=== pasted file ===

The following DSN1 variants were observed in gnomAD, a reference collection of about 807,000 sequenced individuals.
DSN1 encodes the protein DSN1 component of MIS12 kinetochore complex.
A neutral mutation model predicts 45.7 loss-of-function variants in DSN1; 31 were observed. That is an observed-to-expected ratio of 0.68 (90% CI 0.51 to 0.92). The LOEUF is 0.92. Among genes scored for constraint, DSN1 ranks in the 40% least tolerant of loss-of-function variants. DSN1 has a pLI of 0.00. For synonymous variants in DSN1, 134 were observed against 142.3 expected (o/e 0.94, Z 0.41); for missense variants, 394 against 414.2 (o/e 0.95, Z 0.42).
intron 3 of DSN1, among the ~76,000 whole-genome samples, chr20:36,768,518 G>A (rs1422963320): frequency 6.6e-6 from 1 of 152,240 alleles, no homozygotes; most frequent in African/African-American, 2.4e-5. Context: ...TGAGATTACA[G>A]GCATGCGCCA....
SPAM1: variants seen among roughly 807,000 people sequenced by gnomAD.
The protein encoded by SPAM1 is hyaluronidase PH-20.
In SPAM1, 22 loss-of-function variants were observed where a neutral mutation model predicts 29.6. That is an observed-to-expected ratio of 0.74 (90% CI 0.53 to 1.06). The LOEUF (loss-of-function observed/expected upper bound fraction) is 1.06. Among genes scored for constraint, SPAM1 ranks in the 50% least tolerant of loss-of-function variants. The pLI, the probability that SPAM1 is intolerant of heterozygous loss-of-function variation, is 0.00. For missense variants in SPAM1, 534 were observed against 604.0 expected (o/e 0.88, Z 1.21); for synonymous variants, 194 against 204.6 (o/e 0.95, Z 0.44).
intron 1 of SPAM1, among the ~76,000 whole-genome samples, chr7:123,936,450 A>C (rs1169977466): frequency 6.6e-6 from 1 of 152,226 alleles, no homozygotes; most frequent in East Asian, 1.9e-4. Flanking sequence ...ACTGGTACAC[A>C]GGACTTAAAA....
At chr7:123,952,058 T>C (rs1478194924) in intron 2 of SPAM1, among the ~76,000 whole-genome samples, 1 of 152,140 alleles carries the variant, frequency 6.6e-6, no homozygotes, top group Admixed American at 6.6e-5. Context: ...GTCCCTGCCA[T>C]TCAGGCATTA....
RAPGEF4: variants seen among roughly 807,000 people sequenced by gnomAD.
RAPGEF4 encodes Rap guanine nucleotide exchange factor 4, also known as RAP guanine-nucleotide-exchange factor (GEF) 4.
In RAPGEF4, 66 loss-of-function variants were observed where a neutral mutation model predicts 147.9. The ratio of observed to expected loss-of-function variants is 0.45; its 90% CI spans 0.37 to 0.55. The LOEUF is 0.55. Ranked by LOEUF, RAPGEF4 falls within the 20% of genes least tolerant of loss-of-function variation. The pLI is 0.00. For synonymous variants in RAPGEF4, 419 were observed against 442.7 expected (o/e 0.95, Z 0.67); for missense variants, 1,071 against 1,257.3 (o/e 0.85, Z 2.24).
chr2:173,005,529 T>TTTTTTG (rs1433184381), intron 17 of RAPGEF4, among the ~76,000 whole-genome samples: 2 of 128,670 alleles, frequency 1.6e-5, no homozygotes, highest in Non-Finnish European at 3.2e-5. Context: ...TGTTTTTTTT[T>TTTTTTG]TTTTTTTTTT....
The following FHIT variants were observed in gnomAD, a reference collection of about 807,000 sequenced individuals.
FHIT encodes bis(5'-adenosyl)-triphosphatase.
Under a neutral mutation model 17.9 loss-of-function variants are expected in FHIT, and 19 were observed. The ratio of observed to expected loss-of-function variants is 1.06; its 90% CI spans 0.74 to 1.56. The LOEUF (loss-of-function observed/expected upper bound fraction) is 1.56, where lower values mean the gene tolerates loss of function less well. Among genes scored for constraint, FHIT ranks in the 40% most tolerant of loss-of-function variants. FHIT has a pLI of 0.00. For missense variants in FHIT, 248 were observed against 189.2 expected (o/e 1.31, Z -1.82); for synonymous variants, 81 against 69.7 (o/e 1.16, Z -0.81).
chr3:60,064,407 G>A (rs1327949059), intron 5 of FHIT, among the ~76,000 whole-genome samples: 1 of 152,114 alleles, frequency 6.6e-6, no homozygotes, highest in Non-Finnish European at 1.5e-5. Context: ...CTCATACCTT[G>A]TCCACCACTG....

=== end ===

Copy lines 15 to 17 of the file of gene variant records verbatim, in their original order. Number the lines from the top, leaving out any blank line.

FHIT encodes bis(5'-adenosyl)-triphosphatase.
Under a neutral mutation model 17.9 loss-of-function variants are expected in FHIT, and 19 were observed. The ratio of observed to expected loss-of-function variants is 1.06; its 90% CI spans 0.74 to 1.56. The LOEUF (loss-of-function observed/expected upper bound fraction) is 1.56, where lower values mean the gene tolerates loss of function less well. Among genes scored for constraint, FHIT ranks in the 40% most tolerant of loss-of-function variants. FHIT has a pLI of 0.00. For missense variants in FHIT, 248 were observed against 189.2 expected (o/e 1.31, Z -1.82); for synonymous variants, 81 against 69.7 (o/e 1.16, Z -0.81).
chr3:60,064,407 G>A (rs1327949059), intron 5 of FHIT, among the ~76,000 whole-genome samples: 1 of 152,114 alleles, frequency 6.6e-6, no homozygotes, highest in Non-Finnish European at 1.5e-5. Context: ...CTCATACCTT[G>A]TCCACCACTG....